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Join exhibit developer Charles Sowers as he demonstrates Watch Water Freeze, an exhibit designed to encourage noticing. Patience with this piece is rewarded with breathtaking patterns of ice crystals. Viewed through a polarizing filter, the beautiful colors and crystalline structures of Watch Water Freeze have inspired countless museum visitors to reach for their cameras. Which is farthest away from the earth, the stars or Pluto? The answer may be obvious to you, but a lot of people get this wrong. Listen to TI director Linda Shore as she presents a little survey about how things are arranged in the heavens—and explains what the surprising results mean. See slow-motion footage of flames licking through ice during a demonstration by Eric Muller of the Exploratorium's Teacher Institute. Can you guess what he added to the bottom of the vessel before lighting it?
Slow motion footage of The Cauldron by Kiki at the Fire and Ice After Dark event. Slow motion footage of Pyrograph, a work by Earl "Dodger" Stirling that has been described as a cross between Dante's Inferno and the Foucault Pendulum. Like a fiery version of the Exploratorium's classic Drawing Board exhibit, Pyrograph swings a pendulum across a sandy, flaming cauldron and traces out oscillating patterns in colorful fire.
Most things won't burn on Mars—after all, the main ingredient in the Martian atmosphere, carbon dioxide, is used in fire extinguishers on earth. So how would one create fire without oxygen? Use metal!This slow motion footage shows magnesium burning within a block of dry ice.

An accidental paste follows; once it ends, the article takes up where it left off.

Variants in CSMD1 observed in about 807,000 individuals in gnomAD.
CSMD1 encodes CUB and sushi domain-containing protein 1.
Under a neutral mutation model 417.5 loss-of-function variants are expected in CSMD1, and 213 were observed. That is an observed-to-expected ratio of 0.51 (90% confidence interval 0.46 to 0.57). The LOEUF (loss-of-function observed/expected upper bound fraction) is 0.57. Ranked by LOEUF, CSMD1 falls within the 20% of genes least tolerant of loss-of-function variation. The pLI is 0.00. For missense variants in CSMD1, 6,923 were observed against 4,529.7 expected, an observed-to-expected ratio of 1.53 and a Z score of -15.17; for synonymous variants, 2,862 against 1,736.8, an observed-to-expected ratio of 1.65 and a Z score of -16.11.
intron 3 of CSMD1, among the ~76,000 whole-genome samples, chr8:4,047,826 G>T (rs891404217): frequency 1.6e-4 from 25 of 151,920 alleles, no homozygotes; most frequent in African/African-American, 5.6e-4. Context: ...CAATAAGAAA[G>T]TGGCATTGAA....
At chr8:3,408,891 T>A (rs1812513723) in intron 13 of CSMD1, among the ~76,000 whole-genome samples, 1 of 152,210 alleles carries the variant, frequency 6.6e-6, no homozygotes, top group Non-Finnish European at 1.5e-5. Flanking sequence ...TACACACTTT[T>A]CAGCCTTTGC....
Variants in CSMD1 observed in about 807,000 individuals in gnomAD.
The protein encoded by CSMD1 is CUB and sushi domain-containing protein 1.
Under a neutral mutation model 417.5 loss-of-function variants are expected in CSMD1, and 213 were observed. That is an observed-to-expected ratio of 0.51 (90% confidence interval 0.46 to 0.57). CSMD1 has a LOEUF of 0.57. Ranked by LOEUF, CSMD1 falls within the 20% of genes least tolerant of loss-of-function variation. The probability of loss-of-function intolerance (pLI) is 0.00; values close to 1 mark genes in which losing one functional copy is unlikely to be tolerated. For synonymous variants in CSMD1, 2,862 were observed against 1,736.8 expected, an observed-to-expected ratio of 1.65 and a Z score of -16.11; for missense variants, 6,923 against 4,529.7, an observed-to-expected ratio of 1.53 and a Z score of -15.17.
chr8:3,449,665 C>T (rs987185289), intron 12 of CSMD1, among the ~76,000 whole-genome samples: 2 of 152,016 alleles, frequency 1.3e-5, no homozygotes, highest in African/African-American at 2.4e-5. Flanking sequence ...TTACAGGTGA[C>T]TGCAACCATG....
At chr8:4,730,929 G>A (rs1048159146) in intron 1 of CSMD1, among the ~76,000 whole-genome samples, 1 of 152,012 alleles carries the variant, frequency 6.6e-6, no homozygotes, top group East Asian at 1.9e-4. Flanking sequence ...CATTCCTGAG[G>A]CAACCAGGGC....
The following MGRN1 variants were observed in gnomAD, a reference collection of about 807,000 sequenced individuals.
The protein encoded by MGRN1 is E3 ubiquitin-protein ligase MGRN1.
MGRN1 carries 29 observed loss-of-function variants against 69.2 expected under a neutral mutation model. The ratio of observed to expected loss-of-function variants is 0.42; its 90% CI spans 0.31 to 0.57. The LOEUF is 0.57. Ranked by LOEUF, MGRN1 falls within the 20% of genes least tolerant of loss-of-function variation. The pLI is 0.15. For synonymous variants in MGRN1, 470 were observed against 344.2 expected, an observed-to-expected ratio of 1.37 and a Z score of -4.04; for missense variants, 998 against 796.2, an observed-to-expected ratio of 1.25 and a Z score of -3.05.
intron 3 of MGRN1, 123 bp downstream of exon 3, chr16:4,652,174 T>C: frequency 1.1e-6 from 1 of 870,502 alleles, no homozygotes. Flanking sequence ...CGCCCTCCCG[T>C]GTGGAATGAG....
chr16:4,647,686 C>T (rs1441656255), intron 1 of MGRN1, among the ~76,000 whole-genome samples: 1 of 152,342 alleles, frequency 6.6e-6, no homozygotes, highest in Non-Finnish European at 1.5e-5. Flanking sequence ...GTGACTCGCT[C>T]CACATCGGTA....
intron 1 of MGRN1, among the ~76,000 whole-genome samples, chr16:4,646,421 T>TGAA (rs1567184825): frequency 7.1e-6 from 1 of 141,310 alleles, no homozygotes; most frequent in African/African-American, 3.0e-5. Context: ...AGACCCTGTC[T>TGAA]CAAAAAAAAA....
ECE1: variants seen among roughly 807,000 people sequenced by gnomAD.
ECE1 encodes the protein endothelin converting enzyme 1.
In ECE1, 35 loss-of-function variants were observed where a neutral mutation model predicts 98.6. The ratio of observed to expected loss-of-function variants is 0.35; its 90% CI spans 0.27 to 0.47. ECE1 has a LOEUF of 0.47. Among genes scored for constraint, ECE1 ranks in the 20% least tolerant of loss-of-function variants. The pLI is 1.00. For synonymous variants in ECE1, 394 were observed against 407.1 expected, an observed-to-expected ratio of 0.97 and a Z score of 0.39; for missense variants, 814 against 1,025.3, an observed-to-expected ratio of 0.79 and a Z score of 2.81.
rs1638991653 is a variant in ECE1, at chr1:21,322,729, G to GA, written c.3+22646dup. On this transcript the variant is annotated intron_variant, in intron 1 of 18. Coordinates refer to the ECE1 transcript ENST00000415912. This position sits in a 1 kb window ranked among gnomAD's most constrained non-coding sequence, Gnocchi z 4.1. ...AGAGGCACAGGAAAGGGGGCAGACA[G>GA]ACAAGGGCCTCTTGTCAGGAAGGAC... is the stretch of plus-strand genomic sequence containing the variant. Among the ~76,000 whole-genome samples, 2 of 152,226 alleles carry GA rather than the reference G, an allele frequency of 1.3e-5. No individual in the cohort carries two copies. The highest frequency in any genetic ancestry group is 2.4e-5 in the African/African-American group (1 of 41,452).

Exploratorium staff physicist Thomas Humphrey divulges a clever way to measure the speed of sound, and he explains how he’s used that information to measure things in the world. Join A, K. C. Cole, author of Something Incredibly Wonderful Happens: Frank Oppenheimer and the World He Made Up, in conversation with Exploratorium Director Dr. Dennis Bartels, eminent San Francisco Chronicle science writer David Perlman, Cinema Arts Director Liz Keim, and Exploratorium physicist Thomas Humphrey. A question-and-answer session followed the panel discussion.
Produced by Thorne Films, this very early 1972 film details some of the history and thought that went into the creation of the Exploratorium as told by its founding director, Frank Oppenheimer. The ancient Greeks knew about magnets, and they knew about electricity, too. But it wasn’t until the nineteenth century that a connection between the two was discovered. Staff physicist Paul Doherty tells the story of how a professor made the connection…which led to modern motors.